Sequential quadratic programming

From optimization
Revision as of 16:56, 3 June 2015 by Ben Goodman (Talk | contribs)

Jump to: navigation, search

Authored by: Ben Goodman (ChE 345 Spring 2016)
Steward: Dajun Yue and Fenqi You



Sequential quadratic programming (SQP) is a class of algorithms for solving non-linear optimization problems (NLP) in the real world. It is powerful enough for real problems because it can handle any degree of non-linearity including non-linearity in the constraints. The main disadvantage is that the method incorporates several derivatives, which likely need to be worked analytically in advance of iterating to a solution, so SQP becomes quite cumbersome for large problems with many variables or constraints. SQP combines two fundamental algorithms for solving non-linear optimization problems: an active set method and Newton’s method, both of which are explained briefly below. Previous exposure to the component methods as well as to Lagrangian multipliers and Karush-Kuhn-Tucker (KKT) conditions is helpful in understanding SQP. The abstracted, general problem below will be used for the remainder of this page to explain and discuss SQP:
 \text{min f(x)}
 \text{s.t. h(x) = 0}
 \text{and g(x)} \le 0

with f(x), h(x), and g(x) each potentially non-linear. x is potentially a vector of many variables for the optimization, in which case h(x) and g(x) are systems.


Karush-Kuhn-Tucker (KKT) Conditions and the Lagrangian Function

The Lagrangian function combines all the information about the problem into one function using Lagrangian multipliers \lambda for equality constraints and \mu for inequality constraints: L(x,\lambda,\mu)\text{ = f(x) +}\sum_i\lambda_i h_i(x)+\sum_i\mu_i g_i(x)

A single function can be optimized by finding critical points where the gradient is zero. This procedure now includes \lambda and \mu as variables (which are vectors for multi-constraint NLP). The system formed from this gradient is given the label KKT conditions:

\nabla L =\begin{bmatrix} \frac{dL}{dx} \\ \frac{dL}{d\lambda} \\ \frac{dL}{d\mu} \end{bmatrix} = \begin{bmatrix} \nabla f + \lambda \nabla h + \mu \nabla g^* \\ h \\ g^* \end{bmatrix} =0

The second KKT condition is merely feasibility; h(x) were constrained to zero in the original NLP. The third KKT condition is a bit trickier in that only the set of active inequality constraints need satisfy this equality, the active set being denoted by g^*. Inequality constraints that are nowhere near the optimal solution are inconsequential, but constraints that actively participate in determining the optimal solution will be at their limit of zero, and thus the third KKT condition holds. Ultimately, the Lagrangian multipliers describe the change in the objective function with respect to a change in a constraint, so \mu is zero for inactive constraints, so those inactive constraints can be considered removed from the Lagrangian function before the gradient is even taken.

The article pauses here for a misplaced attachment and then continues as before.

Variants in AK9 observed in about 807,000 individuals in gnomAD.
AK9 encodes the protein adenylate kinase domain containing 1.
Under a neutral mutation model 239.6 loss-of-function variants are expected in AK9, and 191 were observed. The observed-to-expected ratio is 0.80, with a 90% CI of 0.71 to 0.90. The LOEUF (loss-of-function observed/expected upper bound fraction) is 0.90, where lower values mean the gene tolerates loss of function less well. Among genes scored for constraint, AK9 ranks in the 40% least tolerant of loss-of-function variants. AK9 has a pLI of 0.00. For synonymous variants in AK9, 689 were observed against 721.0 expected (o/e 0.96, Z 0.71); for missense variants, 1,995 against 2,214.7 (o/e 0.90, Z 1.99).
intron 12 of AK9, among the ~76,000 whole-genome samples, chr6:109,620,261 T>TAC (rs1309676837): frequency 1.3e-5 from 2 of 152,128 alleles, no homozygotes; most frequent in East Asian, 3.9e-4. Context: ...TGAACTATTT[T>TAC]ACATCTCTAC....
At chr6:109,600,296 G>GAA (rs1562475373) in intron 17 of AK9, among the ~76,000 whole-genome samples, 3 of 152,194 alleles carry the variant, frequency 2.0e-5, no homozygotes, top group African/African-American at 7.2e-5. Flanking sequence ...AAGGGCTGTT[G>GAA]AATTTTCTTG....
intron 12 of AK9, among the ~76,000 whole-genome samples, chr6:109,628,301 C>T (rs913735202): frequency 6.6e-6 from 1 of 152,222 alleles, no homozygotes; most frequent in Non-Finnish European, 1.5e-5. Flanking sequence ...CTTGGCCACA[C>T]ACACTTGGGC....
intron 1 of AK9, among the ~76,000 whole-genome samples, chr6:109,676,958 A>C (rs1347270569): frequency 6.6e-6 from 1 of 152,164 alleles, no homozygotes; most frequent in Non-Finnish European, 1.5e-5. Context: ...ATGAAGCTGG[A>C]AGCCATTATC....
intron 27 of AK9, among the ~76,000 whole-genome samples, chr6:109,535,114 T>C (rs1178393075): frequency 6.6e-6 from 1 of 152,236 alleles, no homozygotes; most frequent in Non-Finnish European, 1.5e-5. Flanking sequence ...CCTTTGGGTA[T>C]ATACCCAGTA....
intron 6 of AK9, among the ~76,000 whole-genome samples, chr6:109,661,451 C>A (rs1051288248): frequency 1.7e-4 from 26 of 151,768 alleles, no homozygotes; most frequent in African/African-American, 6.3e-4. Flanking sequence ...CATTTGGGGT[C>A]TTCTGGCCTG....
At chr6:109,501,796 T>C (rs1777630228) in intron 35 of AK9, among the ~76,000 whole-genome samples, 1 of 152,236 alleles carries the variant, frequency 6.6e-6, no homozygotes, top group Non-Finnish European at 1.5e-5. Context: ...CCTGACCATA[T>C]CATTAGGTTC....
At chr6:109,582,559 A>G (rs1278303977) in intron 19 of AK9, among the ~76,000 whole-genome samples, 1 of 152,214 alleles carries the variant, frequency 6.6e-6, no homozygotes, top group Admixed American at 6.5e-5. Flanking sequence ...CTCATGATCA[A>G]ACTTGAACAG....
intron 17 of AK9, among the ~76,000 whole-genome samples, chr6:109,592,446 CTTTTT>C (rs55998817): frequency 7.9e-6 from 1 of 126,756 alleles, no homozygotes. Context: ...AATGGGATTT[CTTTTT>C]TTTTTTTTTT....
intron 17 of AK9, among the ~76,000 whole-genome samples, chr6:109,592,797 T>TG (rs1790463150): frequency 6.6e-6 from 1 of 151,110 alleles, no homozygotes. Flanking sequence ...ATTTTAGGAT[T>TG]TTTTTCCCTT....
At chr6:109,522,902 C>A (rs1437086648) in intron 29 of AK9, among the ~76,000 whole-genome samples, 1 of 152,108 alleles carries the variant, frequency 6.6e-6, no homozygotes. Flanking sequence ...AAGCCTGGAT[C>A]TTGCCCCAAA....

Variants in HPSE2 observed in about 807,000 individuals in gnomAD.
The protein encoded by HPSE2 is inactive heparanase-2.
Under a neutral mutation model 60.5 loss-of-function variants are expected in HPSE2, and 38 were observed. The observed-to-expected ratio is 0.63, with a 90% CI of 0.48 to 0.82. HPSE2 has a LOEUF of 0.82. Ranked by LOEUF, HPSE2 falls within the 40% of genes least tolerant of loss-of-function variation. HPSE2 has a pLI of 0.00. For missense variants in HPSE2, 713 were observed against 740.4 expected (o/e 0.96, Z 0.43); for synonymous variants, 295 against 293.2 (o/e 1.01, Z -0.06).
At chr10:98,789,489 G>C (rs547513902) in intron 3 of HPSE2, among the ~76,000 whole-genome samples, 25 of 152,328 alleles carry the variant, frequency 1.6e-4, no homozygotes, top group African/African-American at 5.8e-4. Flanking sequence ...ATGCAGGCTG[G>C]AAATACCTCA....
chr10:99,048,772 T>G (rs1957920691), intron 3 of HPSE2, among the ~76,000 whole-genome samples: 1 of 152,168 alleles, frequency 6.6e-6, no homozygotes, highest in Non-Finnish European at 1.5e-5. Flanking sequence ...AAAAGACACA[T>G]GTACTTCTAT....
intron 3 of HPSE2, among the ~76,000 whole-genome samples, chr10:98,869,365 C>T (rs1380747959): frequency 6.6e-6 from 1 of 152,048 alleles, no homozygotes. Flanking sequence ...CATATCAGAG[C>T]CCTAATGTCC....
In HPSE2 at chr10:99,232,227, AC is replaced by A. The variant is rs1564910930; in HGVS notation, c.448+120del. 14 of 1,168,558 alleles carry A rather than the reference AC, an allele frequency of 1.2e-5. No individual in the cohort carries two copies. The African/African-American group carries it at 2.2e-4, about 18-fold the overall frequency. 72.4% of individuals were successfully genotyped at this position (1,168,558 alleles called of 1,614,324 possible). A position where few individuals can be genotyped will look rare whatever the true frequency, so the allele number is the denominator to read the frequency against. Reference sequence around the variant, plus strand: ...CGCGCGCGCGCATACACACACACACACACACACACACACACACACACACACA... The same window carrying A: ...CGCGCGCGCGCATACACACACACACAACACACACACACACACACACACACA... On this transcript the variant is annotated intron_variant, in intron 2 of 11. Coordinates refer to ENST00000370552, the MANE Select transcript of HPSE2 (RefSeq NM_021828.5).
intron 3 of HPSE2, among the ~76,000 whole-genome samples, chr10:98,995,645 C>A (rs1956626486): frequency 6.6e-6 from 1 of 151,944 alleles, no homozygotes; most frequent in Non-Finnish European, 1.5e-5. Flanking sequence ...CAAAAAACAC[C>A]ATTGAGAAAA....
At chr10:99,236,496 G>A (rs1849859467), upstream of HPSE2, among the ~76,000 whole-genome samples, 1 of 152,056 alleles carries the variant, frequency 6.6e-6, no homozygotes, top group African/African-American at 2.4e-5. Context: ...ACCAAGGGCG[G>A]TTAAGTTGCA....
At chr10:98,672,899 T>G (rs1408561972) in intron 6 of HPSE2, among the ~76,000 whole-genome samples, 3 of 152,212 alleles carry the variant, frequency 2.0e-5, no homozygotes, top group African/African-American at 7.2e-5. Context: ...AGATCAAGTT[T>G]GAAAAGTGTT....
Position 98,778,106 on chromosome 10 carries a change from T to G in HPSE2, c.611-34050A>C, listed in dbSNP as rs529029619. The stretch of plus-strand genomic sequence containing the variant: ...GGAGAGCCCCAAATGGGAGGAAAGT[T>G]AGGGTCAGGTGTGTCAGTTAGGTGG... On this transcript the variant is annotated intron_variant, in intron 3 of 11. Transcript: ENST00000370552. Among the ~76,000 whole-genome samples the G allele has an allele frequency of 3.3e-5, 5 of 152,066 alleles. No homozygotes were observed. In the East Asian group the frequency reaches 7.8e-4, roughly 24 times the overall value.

The Active Set Method and its Limitations

The active set method solves the KKT conditions using guess and check to find critical points. Guessing that every inequality constraints is inactive is conventionally the first step. After solving the remaining system for x, feasibility can be checked. If any constraints are violated, they should be considered active in the next iteration, and if any multipliers are found to be negative, their constraints should be considered inactive in the next iteration. Efficient convergence and potentially large systems of equations are of some concern, but the main limitation of the active set method is that many of the derivative expressions in the KKT conditions could still be highly non-linear and thus difficult to solve. Indeed, only quadratic problems seem reasonable to tackle with the active set method because the KKT conditions are linear. Sequential Quadratic Programming addresses this key limitation by incorporating a means of handling highly non-linear functions: Newton's Method.